“Women should not be pressured to have an abortion because their child is different: of a different ability, of a different race, of a different sex,” Jameson Taylor, vice president for policy with the Mississippi Center for Public Policy, said in a statement Wednesday.
Opponents said it would unconstitutionally interfere with private medical decisions in a state with one abortion clinic.
“The Supreme Court has consistently held that abortion before viability is an unqualified right; the state has no reason to question women on the reason they have made this difficult choice,”said Beth Orlansky, advocacy director for the Mississippi Center for Justice.
With the addition of conservative justices to the U.S. Supreme Court, several states have enacted abortion restrictions in recent years. Some laws are aimed at spurring court challenges seeking to overturn Roe v. Wade, the landmark 1973 Supreme Court ruling that legalized abortion nationwide.
Reeves signed the new law two days after the U.S. Supreme Court struck down a Louisiana law that required doctors who do abortions to have admitting privileges at a nearby hospital. Mississippi’s nearly identical admitting privileges law has long been blocked by a federal judge.
The new Mississippi law that bans certain reasons for abortion took effect as soon as the governor signed the bill. It sets a prison sentence of up to 10 years for any physician or other health care worker who knowingly violates the ban. It specifies that the woman getting the abortion would not be punished, and the ban does not apply if the woman faces a medical emergency because of the pregnancy.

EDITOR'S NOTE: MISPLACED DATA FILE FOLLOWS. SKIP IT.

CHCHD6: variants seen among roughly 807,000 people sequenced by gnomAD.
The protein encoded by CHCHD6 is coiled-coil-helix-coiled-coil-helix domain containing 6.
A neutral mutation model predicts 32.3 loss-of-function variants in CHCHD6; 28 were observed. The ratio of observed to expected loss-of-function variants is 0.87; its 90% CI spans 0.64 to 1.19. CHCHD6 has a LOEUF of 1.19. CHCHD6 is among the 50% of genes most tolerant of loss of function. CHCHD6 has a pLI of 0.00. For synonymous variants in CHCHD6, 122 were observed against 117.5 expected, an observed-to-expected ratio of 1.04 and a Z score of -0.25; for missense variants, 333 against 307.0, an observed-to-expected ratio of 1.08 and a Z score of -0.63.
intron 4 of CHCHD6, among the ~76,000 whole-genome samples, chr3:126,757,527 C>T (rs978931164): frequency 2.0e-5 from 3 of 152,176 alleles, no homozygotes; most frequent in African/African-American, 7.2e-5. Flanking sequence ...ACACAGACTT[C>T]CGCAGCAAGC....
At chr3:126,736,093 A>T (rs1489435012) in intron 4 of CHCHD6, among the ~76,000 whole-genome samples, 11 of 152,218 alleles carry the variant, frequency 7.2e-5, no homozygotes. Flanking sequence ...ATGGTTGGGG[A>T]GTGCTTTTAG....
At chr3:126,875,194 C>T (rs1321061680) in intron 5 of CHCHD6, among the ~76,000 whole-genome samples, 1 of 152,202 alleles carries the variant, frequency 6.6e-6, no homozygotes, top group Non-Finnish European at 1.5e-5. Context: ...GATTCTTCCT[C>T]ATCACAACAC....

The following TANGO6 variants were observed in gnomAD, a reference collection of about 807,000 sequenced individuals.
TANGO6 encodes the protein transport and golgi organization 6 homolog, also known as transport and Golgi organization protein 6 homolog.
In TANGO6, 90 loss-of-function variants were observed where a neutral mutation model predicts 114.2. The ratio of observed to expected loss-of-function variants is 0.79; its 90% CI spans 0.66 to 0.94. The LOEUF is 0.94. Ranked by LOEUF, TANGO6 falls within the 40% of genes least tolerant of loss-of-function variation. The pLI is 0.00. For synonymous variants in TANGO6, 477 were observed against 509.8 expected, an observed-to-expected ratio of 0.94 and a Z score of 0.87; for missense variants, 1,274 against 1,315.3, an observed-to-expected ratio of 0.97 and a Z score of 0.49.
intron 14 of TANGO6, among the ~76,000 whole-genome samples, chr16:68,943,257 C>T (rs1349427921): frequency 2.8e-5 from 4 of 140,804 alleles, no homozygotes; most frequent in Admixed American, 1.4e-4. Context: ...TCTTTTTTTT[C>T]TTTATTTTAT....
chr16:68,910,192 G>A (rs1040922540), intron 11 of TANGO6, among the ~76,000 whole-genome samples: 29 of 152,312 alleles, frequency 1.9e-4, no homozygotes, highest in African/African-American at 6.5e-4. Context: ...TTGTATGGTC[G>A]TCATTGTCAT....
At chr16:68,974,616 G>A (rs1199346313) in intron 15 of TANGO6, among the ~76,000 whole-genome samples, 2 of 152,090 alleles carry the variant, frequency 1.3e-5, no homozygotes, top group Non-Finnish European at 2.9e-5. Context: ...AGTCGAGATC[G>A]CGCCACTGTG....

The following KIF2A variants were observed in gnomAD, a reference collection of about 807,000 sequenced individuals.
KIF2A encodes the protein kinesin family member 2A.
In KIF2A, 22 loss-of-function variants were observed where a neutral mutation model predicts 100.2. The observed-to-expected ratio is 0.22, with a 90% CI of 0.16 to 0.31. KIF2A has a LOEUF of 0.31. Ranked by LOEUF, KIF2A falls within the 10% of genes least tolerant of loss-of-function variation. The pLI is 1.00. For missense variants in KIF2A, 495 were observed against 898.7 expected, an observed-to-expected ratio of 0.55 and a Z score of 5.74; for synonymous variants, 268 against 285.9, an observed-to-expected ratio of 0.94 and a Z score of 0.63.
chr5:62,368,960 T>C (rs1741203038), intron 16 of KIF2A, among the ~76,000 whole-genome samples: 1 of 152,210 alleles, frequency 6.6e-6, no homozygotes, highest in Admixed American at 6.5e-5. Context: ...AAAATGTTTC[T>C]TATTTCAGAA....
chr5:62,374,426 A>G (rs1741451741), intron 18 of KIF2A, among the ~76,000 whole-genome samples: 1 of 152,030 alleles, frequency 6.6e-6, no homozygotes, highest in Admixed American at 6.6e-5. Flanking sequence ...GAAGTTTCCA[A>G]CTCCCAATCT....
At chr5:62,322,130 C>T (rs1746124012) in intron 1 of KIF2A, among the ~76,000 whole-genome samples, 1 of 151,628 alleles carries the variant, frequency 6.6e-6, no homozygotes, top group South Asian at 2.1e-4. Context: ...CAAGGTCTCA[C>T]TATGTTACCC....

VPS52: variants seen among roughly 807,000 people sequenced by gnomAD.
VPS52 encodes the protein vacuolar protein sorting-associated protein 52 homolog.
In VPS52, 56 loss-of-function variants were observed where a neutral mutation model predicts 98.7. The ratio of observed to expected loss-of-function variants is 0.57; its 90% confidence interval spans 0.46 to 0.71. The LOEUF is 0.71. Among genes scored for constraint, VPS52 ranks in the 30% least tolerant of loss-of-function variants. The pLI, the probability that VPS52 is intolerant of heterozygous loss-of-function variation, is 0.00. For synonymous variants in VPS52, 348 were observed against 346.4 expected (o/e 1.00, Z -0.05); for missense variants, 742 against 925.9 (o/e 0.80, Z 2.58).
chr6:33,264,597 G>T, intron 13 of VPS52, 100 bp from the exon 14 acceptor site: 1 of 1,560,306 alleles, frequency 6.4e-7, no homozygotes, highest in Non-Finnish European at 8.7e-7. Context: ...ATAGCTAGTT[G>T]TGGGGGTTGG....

Nine states ban abortion because of the sex of the fetus, two ban it because of race and two ban it because of genetic anomaly, according to the Guttmacher Institute, a research group that supports abortion rights. Until Wednesday, Missouri was the only state that has banned all three. Kentucky’s ban on all three reasons has been put on hold by court order.
Mississippi has long required a 24-hour waiting period for abortions. Minors also must obtain permission from their parents or a judge.
In 2018, Mississippi tried to ban most abortions at 15 weeks. The state’s only abortion clinic sued, a federal district judge blocked the law and a federal appeals court agreed with his ruling. State officials have asked the U.S. Supreme Court to consider the case.
In 2019, Mississippi legislators voted to ban most abortions once fetal cardiac activity can be detected, which can be at about six weeks — before some women know they are pregnant. A judge blocked the restriction from becoming law.
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